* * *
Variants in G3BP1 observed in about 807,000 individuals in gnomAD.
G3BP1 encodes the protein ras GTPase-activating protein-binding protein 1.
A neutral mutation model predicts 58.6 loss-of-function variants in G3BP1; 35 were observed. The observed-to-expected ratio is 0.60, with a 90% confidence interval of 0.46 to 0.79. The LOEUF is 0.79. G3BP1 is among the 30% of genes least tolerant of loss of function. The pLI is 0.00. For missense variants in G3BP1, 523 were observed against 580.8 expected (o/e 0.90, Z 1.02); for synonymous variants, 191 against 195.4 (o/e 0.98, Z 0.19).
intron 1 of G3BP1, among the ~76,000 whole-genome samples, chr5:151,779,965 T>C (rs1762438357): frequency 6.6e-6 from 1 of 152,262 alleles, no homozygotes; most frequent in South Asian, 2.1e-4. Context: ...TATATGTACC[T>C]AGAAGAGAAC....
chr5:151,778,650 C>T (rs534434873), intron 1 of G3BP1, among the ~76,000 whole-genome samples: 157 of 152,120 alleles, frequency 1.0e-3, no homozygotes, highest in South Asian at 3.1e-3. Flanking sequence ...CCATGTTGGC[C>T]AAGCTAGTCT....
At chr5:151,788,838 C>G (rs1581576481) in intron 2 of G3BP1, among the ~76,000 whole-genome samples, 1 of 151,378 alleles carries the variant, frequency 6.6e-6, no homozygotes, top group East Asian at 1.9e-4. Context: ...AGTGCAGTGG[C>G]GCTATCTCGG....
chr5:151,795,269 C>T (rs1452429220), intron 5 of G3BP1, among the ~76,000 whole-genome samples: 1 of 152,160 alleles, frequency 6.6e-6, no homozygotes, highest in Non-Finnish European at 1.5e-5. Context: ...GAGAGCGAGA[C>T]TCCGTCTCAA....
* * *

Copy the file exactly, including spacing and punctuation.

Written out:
Variants in G3BP1 observed in about 807,000 individuals in gnomAD.
G3BP1 encodes the protein ras GTPase-activating protein-binding protein 1.
A neutral mutation model predicts 58.6 loss-of-function variants in G3BP1; 35 were observed. The observed-to-expected ratio is 0.60, with a 90% confidence interval of 0.46 to 0.79. The LOEUF is 0.79. G3BP1 is among the 30% of genes least tolerant of loss of function. The pLI is 0.00. For missense variants in G3BP1, 523 were observed against 580.8 expected (o/e 0.90, Z 1.02); for synonymous variants, 191 against 195.4 (o/e 0.98, Z 0.19).
intron 1 of G3BP1, among the ~76,000 whole-genome samples, chr5:151,779,965 T>C (rs1762438357): frequency 6.6e-6 from 1 of 152,262 alleles, no homozygotes; most frequent in South Asian, 2.1e-4. Context: ...TATATGTACC[T>C]AGAAGAGAAC....
chr5:151,778,650 C>T (rs534434873), intron 1 of G3BP1, among the ~76,000 whole-genome samples: 157 of 152,120 alleles, frequency 1.0e-3, no homozygotes, highest in South Asian at 3.1e-3. Flanking sequence ...CCATGTTGGC[C>T]AAGCTAGTCT....
At chr5:151,788,838 C>G (rs1581576481) in intron 2 of G3BP1, among the ~76,000 whole-genome samples, 1 of 151,378 alleles carries the variant, frequency 6.6e-6, no homozygotes, top group East Asian at 1.9e-4. Context: ...AGTGCAGTGG[C>G]GCTATCTCGG....
chr5:151,795,269 C>T (rs1452429220), intron 5 of G3BP1, among the ~76,000 whole-genome samples: 1 of 152,160 alleles, frequency 6.6e-6, no homozygotes, highest in Non-Finnish European at 1.5e-5. Context: ...GAGAGCGAGA[C>T]TCCGTCTCAA....